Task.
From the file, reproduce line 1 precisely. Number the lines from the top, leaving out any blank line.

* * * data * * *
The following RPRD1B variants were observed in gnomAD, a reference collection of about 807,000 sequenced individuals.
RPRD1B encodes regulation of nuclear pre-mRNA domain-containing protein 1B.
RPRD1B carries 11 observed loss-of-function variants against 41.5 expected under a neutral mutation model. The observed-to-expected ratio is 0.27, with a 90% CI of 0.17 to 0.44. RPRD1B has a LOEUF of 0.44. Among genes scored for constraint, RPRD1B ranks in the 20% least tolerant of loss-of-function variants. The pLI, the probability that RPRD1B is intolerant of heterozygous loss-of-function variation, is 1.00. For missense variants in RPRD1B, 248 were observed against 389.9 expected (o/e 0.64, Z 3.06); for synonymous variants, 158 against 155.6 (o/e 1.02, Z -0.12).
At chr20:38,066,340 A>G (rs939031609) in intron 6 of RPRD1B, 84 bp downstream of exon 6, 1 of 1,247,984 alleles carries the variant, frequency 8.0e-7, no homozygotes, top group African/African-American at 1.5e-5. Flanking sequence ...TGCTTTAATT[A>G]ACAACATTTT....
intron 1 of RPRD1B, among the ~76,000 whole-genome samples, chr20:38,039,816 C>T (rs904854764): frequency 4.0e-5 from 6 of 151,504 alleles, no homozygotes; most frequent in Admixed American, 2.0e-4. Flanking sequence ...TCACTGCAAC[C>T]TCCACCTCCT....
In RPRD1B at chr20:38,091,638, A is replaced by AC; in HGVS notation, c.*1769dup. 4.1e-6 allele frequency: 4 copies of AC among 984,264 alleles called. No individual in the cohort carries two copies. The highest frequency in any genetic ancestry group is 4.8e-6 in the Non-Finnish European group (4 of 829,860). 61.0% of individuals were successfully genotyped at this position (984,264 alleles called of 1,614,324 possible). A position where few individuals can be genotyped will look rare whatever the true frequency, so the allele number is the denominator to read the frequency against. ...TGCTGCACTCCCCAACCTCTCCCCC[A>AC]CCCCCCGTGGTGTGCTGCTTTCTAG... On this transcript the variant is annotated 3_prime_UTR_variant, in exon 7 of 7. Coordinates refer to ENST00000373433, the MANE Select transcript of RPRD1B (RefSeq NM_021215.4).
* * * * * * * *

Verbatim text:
The following RPRD1B variants were observed in gnomAD, a reference collection of about 807,000 sequenced individuals.